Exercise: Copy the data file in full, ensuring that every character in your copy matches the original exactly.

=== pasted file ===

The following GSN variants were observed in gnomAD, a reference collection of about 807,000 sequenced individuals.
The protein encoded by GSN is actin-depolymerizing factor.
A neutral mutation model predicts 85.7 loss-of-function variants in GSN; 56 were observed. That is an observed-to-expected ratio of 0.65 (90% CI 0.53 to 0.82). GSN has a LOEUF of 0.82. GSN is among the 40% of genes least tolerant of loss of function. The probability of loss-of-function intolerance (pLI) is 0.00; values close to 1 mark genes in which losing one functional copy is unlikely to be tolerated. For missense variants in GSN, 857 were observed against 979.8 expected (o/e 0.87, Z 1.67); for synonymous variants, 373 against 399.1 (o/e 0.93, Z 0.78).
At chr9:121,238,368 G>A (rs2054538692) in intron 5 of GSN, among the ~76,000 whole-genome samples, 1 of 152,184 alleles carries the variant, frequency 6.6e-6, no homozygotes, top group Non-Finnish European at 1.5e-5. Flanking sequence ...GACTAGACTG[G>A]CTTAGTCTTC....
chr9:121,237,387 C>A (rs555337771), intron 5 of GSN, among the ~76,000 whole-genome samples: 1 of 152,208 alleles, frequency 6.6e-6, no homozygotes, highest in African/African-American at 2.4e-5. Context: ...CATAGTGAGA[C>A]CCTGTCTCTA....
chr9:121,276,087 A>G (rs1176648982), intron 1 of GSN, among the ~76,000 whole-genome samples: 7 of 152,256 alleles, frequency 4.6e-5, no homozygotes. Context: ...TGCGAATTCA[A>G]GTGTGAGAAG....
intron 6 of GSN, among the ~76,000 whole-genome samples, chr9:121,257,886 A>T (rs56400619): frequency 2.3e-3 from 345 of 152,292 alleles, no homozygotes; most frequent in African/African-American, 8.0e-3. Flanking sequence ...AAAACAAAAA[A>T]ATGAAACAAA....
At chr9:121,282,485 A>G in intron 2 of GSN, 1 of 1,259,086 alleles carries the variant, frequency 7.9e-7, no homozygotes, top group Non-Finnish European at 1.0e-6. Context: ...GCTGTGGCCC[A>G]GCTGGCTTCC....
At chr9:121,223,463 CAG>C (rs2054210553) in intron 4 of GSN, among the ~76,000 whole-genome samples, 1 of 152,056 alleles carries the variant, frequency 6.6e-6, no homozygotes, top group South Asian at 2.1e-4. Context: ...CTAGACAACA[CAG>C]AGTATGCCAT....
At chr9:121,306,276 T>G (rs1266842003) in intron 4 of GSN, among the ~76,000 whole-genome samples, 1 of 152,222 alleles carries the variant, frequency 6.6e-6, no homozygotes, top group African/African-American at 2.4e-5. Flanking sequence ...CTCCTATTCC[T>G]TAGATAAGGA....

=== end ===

The following GSN variants were observed in gnomAD, a reference collection of about 807,000 sequenced individuals.
The protein encoded by GSN is actin-depolymerizing factor.
A neutral mutation model predicts 85.7 loss-of-function variants in GSN; 56 were observed. That is an observed-to-expected ratio of 0.65 (90% CI 0.53 to 0.82). GSN has a LOEUF of 0.82. GSN is among the 40% of genes least tolerant of loss of function. The probability of loss-of-function intolerance (pLI) is 0.00; values close to 1 mark genes in which losing one functional copy is unlikely to be tolerated. For missense variants in GSN, 857 were observed against 979.8 expected (o/e 0.87, Z 1.67); for synonymous variants, 373 against 399.1 (o/e 0.93, Z 0.78).
At chr9:121,238,368 G>A (rs2054538692) in intron 5 of GSN, among the ~76,000 whole-genome samples, 1 of 152,184 alleles carries the variant, frequency 6.6e-6, no homozygotes, top group Non-Finnish European at 1.5e-5. Flanking sequence ...GACTAGACTG[G>A]CTTAGTCTTC....
chr9:121,237,387 C>A (rs555337771), intron 5 of GSN, among the ~76,000 whole-genome samples: 1 of 152,208 alleles, frequency 6.6e-6, no homozygotes, highest in African/African-American at 2.4e-5. Context: ...CATAGTGAGA[C>A]CCTGTCTCTA....
chr9:121,276,087 A>G (rs1176648982), intron 1 of GSN, among the ~76,000 whole-genome samples: 7 of 152,256 alleles, frequency 4.6e-5, no homozygotes. Context: ...TGCGAATTCA[A>G]GTGTGAGAAG....
intron 6 of GSN, among the ~76,000 whole-genome samples, chr9:121,257,886 A>T (rs56400619): frequency 2.3e-3 from 345 of 152,292 alleles, no homozygotes; most frequent in African/African-American, 8.0e-3. Flanking sequence ...AAAACAAAAA[A>T]ATGAAACAAA....
At chr9:121,282,485 A>G in intron 2 of GSN, 1 of 1,259,086 alleles carries the variant, frequency 7.9e-7, no homozygotes, top group Non-Finnish European at 1.0e-6. Context: ...GCTGTGGCCC[A>G]GCTGGCTTCC....
At chr9:121,223,463 CAG>C (rs2054210553) in intron 4 of GSN, among the ~76,000 whole-genome samples, 1 of 152,056 alleles carries the variant, frequency 6.6e-6, no homozygotes, top group South Asian at 2.1e-4. Context: ...CTAGACAACA[CAG>C]AGTATGCCAT....
At chr9:121,306,276 T>G (rs1266842003) in intron 4 of GSN, among the ~76,000 whole-genome samples, 1 of 152,222 alleles carries the variant, frequency 6.6e-6, no homozygotes, top group African/African-American at 2.4e-5. Flanking sequence ...CTCCTATTCC[T>G]TAGATAAGGA....